A secure-functioning relationship has clearly defined boundaries that are understood by you and your partner. You have set things that you do and set things that you don't do. You both inherently honor that because these things were communicated, agreed-upon, and respected.

A secure-functioning relationship offers you safety, security, interdependence, support, and happiness. These factors create a healthy relationship foundation that allows a connection to thrive long-term.

How do you create a safe and secure relationship?

You and your partner must consistently put effort and energy into the essentials that create and maintain the structure of your relationship. To have a thriving relationship, you need a strong foundation. These relationship essentials are a blueprint for the foundation of a successful relationship.

No matter what individual rules, boundaries, habits, or practices you build into your relationship as a reflection of yourself and your partner, these behaviors should guide you in a way that ensures you both are always taking care of the foundation of your relationship.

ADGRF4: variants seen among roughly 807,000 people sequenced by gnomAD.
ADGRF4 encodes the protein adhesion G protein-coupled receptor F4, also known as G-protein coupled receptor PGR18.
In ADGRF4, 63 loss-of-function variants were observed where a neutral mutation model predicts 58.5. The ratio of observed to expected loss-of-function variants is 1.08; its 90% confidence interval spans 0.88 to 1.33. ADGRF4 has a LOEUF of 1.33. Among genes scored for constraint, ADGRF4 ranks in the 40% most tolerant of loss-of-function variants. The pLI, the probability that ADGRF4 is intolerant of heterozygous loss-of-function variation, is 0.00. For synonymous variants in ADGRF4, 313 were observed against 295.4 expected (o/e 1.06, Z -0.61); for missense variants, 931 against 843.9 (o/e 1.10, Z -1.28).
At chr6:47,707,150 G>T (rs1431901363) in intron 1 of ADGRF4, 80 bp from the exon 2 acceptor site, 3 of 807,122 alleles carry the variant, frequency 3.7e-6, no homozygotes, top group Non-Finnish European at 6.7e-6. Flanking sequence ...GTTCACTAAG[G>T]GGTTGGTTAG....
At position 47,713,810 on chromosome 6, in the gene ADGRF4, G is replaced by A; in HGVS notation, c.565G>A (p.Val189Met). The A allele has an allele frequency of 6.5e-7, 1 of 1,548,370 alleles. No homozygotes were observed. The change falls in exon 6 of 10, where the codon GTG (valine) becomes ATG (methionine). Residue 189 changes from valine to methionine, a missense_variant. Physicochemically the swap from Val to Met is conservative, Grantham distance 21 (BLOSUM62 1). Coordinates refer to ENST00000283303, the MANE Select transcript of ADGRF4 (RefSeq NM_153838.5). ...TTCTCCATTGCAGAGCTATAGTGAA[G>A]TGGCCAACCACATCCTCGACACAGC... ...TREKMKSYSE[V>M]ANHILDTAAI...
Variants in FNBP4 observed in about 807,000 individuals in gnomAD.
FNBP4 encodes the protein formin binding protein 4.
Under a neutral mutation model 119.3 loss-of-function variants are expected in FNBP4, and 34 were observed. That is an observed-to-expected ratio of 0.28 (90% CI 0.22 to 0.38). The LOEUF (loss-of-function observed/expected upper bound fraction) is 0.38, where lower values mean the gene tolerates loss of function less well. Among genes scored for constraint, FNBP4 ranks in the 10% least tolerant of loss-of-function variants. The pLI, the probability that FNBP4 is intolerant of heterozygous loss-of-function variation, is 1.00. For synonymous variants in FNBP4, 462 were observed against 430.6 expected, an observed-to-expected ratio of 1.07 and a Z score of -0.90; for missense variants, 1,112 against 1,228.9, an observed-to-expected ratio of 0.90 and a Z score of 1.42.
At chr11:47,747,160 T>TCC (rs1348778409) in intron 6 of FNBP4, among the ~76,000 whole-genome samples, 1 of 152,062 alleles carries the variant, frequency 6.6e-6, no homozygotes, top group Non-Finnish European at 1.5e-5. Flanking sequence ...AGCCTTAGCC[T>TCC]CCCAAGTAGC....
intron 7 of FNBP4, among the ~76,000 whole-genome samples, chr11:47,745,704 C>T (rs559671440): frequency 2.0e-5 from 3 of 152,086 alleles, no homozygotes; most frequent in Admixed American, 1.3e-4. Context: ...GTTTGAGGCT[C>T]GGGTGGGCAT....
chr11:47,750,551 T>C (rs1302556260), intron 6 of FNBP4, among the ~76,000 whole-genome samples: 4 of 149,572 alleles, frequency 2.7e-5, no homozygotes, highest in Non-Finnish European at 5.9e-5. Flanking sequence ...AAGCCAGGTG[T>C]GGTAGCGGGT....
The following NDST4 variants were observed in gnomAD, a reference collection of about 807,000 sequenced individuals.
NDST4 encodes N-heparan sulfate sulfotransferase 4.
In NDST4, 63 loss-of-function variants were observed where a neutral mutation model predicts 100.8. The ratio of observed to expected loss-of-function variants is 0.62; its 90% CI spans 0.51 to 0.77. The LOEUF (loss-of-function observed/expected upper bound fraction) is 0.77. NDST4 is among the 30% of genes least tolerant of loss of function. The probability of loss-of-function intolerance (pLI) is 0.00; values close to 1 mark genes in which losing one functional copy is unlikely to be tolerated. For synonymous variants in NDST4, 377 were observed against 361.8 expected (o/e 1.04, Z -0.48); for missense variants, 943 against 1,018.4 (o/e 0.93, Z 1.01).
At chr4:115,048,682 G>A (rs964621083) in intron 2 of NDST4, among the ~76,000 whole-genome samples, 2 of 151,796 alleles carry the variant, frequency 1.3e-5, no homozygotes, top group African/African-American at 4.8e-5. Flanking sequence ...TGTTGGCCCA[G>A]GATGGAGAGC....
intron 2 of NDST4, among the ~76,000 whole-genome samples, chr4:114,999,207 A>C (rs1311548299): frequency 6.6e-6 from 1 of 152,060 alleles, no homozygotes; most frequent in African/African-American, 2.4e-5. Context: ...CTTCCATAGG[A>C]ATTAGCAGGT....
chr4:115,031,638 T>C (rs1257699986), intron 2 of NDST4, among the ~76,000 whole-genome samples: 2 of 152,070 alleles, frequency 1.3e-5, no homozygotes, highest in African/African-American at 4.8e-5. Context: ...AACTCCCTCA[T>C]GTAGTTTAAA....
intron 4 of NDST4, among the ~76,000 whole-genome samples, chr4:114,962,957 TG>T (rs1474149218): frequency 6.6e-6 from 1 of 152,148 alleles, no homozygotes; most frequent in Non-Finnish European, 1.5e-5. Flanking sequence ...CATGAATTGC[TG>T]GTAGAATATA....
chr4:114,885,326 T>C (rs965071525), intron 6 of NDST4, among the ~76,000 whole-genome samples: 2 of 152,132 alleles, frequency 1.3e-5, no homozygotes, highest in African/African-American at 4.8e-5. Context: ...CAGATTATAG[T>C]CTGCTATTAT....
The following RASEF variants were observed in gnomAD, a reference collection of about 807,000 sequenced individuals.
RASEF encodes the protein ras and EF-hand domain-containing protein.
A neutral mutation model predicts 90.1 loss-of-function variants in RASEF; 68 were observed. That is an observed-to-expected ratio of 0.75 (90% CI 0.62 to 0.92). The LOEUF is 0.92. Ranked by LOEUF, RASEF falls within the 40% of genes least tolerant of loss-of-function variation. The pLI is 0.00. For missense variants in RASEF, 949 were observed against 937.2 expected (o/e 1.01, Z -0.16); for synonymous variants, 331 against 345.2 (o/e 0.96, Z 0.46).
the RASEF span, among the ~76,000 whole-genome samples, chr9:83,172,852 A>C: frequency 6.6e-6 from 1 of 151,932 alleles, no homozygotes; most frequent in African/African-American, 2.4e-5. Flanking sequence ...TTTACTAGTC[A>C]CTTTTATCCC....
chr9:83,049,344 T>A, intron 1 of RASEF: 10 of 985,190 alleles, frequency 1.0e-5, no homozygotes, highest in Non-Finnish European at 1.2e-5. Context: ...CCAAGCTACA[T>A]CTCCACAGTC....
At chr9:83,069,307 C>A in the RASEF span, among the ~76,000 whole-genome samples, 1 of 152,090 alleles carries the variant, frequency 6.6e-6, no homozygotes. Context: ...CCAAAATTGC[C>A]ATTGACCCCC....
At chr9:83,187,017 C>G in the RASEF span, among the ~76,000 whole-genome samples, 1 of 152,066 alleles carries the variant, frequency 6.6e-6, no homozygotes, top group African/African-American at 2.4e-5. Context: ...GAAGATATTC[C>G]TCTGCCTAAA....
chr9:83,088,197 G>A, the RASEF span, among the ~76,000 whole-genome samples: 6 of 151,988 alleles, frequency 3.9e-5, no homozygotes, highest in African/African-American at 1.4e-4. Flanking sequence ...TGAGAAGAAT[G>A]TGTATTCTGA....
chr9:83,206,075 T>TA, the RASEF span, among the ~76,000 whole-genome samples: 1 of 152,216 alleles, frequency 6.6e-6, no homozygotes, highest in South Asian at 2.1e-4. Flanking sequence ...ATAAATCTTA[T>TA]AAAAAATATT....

Practiced in healthy relationships, here are some of the PACT principles that aid in the security and happiness of secure-functioning couples:

  1. Be present with your partner.

In today’s busy world - with so many demands, distractions, and pressures - it’s easy to slip into a parallel relationship where you and your partner start to drift apart. Perhaps you can relate to the experience of feeling more like a life manager, taxi driver, or event coordinator than an intimate, loving partner. Your communication revolves around what time you’ll be home, what you need to get to the store, when the kids need to be at sport practice, or what bills have or haven’t been paid.

The practice of being present with your partner and in your relationship is a wonderful antidote to all of life’s busyness. It’s vital that you set aside time to spend together, focusing on just each other. No distractions, no technology.